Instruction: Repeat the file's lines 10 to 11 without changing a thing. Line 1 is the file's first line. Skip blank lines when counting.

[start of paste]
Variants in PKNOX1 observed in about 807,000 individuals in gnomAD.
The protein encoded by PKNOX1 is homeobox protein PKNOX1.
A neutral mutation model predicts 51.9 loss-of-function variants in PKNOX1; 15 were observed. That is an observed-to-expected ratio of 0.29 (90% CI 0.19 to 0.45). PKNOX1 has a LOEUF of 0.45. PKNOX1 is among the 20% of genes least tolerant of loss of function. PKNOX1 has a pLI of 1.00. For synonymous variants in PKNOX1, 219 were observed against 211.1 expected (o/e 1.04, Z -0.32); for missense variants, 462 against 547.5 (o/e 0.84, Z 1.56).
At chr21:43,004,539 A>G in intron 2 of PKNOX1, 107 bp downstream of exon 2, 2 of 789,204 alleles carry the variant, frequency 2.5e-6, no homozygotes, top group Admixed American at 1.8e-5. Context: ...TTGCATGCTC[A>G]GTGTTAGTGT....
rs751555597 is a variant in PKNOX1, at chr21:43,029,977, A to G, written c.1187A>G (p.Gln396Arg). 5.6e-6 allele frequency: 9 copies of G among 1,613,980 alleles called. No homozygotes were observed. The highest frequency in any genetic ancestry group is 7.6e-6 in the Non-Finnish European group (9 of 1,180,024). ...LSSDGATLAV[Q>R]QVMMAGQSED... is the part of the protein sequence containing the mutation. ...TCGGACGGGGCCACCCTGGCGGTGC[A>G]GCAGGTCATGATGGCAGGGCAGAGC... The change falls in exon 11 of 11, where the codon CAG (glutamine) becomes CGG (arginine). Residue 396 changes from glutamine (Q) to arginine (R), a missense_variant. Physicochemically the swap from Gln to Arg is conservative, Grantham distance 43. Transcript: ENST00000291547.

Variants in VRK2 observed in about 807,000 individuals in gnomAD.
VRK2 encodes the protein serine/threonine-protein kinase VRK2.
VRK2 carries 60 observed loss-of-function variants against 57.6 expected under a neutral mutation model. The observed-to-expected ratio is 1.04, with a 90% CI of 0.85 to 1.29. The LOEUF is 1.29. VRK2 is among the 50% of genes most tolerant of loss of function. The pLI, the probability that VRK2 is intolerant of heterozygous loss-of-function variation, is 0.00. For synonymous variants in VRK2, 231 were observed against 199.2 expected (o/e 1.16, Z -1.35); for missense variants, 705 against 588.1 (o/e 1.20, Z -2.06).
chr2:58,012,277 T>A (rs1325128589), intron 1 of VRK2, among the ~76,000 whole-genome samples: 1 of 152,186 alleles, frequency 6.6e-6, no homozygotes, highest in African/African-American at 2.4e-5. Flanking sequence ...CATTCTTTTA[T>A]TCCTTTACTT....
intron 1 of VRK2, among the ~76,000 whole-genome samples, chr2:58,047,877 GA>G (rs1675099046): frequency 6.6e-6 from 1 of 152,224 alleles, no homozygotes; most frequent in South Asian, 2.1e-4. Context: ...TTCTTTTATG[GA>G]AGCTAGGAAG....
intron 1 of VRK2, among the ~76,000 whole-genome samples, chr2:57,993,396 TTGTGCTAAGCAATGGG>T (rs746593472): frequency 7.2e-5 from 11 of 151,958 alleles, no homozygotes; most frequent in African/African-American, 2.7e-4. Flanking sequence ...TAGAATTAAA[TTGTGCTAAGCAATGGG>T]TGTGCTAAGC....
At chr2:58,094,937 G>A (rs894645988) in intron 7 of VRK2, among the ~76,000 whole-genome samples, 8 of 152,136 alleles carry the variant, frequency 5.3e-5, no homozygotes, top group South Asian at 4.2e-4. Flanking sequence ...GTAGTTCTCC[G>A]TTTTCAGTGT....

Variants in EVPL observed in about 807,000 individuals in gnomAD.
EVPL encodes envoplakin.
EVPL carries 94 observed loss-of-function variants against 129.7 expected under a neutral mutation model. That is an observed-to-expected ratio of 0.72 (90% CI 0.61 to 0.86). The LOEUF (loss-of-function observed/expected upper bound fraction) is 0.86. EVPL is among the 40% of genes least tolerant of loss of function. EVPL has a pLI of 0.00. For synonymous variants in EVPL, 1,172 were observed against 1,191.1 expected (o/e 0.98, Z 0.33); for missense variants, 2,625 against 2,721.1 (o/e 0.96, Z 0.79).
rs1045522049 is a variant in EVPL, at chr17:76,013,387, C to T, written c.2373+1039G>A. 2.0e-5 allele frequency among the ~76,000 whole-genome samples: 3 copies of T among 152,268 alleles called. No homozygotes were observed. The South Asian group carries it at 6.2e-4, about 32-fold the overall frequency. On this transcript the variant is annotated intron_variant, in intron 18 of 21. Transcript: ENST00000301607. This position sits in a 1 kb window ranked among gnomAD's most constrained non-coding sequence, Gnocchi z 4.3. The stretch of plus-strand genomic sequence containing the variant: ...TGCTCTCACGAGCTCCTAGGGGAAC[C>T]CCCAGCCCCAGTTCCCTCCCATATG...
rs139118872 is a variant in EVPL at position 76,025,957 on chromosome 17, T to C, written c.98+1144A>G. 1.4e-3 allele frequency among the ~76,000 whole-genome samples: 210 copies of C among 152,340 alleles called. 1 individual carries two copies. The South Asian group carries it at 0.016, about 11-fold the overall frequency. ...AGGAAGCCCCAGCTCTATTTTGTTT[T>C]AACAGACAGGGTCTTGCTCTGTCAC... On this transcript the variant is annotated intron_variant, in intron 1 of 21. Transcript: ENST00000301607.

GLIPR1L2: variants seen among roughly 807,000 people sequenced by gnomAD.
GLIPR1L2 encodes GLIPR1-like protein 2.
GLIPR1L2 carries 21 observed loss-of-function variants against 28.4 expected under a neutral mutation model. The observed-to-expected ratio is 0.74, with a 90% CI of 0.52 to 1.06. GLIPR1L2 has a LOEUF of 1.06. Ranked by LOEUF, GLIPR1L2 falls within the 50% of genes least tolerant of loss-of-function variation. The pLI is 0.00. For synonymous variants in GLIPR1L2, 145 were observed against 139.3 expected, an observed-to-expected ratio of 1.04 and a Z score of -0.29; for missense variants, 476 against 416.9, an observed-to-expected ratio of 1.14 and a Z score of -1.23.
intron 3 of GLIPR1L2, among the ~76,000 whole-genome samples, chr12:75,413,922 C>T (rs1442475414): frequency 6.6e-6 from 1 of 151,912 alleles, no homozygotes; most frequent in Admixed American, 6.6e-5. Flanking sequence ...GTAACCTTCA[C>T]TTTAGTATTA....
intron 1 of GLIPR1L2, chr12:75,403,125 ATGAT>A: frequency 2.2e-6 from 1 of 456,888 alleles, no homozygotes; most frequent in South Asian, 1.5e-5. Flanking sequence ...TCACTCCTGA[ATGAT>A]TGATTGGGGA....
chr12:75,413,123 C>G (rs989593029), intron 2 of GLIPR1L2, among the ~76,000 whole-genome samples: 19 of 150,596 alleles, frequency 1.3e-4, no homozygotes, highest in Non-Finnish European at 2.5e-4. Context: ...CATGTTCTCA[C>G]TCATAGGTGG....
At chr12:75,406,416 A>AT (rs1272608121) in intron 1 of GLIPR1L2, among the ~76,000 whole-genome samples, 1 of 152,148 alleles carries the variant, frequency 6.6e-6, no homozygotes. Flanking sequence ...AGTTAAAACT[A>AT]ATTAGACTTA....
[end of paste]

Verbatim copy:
intron 1 of VRK2, among the ~76,000 whole-genome samples, chr2:58,047,877 GA>G (rs1675099046): frequency 6.6e-6 from 1 of 152,224 alleles, no homozygotes; most frequent in South Asian, 2.1e-4. Context: ...TTCTTTTATG[GA>G]AGCTAGGAAG....
intron 1 of VRK2, among the ~76,000 whole-genome samples, chr2:57,993,396 TTGTGCTAAGCAATGGG>T (rs746593472): frequency 7.2e-5 from 11 of 151,958 alleles, no homozygotes; most frequent in African/African-American, 2.7e-4. Flanking sequence ...TAGAATTAAA[TTGTGCTAAGCAATGGG>T]TGTGCTAAGC....